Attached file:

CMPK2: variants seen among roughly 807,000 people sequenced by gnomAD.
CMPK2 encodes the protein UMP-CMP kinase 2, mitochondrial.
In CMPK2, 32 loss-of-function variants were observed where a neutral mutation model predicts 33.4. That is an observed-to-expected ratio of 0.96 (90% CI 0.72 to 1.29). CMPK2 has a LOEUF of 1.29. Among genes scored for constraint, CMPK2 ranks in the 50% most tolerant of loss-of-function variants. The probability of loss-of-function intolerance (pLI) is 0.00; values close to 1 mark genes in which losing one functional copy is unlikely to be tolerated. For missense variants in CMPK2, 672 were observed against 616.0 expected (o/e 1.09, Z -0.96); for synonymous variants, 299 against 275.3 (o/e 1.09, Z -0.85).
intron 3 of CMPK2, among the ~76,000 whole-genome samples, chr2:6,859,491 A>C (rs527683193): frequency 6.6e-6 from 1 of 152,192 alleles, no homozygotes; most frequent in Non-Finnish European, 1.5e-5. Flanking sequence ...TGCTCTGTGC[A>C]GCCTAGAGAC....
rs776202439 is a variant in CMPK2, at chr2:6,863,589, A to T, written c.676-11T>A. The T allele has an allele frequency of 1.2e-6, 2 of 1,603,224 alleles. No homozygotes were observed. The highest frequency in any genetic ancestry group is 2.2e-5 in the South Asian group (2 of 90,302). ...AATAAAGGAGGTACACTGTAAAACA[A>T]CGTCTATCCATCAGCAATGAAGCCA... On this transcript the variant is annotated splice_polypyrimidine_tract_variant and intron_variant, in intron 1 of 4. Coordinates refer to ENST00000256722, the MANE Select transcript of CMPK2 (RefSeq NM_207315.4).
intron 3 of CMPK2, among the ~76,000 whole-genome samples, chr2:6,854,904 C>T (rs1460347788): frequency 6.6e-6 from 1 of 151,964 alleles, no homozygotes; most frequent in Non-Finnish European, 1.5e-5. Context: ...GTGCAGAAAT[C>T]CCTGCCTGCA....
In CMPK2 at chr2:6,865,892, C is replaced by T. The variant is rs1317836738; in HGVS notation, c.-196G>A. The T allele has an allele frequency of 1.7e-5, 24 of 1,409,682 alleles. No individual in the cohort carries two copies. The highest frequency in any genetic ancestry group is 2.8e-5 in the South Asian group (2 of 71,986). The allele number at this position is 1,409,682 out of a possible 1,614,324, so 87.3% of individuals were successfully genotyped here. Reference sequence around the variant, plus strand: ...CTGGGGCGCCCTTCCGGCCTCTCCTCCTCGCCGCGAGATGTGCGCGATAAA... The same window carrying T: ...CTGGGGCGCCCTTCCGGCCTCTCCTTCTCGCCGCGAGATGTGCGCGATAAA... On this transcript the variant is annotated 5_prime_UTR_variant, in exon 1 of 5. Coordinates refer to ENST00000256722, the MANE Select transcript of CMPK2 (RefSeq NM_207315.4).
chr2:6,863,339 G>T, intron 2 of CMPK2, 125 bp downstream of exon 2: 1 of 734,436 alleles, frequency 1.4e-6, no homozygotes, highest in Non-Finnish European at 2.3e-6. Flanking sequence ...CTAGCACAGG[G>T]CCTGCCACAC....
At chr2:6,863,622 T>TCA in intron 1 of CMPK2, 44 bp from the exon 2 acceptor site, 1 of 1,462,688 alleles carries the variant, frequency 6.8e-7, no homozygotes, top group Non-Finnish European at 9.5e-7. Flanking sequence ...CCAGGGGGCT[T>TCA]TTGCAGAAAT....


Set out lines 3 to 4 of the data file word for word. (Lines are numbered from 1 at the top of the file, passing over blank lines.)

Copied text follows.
In CMPK2, 32 loss-of-function variants were observed where a neutral mutation model predicts 33.4. That is an observed-to-expected ratio of 0.96 (90% CI 0.72 to 1.29). CMPK2 has a LOEUF of 1.29. Among genes scored for constraint, CMPK2 ranks in the 50% most tolerant of loss-of-function variants. The probability of loss-of-function intolerance (pLI) is 0.00; values close to 1 mark genes in which losing one functional copy is unlikely to be tolerated. For missense variants in CMPK2, 672 were observed against 616.0 expected (o/e 1.09, Z -0.96); for synonymous variants, 299 against 275.3 (o/e 1.09, Z -0.85).
intron 3 of CMPK2, among the ~76,000 whole-genome samples, chr2:6,859,491 A>C (rs527683193): frequency 6.6e-6 from 1 of 152,192 alleles, no homozygotes; most frequent in Non-Finnish European, 1.5e-5. Flanking sequence ...TGCTCTGTGC[A>C]GCCTAGAGAC....